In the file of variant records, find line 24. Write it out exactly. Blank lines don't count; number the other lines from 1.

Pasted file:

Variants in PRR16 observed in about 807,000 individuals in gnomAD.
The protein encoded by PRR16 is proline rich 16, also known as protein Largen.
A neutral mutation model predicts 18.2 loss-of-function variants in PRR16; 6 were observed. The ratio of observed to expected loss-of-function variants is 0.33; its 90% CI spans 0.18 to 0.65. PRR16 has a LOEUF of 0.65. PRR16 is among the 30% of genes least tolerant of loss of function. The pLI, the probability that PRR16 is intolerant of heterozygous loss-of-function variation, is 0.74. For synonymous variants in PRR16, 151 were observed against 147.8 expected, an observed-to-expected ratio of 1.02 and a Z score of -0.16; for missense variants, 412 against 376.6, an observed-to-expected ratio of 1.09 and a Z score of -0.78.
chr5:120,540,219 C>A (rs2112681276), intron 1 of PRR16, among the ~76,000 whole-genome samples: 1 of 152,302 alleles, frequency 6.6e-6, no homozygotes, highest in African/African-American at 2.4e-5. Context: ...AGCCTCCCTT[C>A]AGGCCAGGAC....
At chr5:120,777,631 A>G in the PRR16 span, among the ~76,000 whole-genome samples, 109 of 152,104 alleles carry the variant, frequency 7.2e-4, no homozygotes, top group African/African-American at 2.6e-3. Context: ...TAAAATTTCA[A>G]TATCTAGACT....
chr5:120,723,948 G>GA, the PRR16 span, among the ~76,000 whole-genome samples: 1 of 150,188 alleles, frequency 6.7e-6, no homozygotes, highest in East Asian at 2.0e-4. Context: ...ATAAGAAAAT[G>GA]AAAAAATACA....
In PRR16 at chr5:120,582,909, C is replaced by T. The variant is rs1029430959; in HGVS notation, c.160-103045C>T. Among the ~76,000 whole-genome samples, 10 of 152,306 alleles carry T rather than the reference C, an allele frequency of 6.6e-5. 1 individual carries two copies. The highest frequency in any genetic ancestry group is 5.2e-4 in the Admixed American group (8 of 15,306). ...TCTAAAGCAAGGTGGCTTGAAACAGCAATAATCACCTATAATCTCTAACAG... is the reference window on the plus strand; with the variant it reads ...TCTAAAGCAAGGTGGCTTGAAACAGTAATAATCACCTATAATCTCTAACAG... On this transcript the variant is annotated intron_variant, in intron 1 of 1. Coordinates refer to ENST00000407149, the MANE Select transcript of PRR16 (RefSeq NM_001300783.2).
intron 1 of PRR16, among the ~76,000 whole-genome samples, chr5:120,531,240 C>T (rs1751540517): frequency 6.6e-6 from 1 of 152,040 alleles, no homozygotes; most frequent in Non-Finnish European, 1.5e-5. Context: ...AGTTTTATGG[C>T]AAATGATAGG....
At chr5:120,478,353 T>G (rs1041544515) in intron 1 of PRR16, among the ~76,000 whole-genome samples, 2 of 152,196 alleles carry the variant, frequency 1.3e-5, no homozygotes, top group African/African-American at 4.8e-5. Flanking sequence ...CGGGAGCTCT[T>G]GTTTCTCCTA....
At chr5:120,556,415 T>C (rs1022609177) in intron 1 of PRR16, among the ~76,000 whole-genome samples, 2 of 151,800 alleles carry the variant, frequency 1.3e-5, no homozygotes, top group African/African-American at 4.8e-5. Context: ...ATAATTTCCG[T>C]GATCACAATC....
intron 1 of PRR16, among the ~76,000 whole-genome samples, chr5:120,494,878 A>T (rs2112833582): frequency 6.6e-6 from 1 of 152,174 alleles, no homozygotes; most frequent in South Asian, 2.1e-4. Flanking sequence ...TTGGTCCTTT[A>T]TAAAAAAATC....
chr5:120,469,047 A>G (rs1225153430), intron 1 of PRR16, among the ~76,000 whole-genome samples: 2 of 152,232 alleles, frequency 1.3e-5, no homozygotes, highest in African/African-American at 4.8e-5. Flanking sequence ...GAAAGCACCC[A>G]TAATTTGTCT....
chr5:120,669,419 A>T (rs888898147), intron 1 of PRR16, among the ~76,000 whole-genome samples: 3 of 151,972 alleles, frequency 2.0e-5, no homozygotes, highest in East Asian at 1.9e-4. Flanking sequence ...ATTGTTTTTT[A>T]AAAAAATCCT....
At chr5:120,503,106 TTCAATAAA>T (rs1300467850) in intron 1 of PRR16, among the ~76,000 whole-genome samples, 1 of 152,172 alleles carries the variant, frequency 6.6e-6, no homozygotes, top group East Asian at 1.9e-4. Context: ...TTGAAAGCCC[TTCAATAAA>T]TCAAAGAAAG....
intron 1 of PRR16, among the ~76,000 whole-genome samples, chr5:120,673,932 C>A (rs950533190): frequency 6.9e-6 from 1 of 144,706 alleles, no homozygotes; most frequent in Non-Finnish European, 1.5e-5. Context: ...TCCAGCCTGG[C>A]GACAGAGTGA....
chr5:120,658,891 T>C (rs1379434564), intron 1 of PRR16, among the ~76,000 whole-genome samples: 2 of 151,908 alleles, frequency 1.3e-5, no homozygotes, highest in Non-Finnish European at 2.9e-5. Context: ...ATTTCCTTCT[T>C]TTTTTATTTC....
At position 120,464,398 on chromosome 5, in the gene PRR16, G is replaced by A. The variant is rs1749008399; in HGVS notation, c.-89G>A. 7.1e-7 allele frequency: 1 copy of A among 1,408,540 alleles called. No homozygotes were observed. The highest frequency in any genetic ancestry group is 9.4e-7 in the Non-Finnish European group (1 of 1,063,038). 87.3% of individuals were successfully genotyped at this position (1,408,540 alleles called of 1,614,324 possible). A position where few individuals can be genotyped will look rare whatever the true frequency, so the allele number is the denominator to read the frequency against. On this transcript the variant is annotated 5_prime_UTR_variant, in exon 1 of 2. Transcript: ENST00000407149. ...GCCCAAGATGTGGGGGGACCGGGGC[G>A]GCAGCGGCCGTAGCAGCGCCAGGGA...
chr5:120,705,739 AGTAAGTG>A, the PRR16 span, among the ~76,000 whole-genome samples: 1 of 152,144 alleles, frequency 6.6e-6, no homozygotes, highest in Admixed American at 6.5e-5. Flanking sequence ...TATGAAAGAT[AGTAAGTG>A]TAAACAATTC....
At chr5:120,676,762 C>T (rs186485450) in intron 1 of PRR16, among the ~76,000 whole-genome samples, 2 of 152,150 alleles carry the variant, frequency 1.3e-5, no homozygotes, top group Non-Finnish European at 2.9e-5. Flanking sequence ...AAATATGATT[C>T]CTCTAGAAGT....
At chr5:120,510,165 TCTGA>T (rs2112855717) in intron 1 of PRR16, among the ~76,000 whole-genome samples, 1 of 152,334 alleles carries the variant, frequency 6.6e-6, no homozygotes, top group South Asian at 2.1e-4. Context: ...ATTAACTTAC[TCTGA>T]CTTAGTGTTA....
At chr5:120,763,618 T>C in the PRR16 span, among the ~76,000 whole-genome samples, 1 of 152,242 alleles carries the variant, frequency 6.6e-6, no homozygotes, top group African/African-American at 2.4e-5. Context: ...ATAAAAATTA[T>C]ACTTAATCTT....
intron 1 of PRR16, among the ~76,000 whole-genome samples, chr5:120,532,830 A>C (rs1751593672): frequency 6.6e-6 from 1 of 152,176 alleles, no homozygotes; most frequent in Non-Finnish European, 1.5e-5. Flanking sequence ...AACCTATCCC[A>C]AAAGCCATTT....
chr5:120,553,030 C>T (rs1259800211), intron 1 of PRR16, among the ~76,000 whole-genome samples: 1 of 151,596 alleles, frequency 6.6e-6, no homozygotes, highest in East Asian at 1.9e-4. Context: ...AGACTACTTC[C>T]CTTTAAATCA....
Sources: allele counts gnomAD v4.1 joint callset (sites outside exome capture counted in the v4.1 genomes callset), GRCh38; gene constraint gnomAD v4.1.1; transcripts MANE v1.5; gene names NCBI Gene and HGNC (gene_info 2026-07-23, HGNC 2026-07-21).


Sources: allele counts gnomAD v4.1 joint callset (sites outside exome capture counted in the v4.1 genomes callset), GRCh38; gene constraint gnomAD v4.1.1; transcripts MANE v1.5; gene names NCBI Gene and HGNC (gene_info 2026-07-23, HGNC 2026-07-21).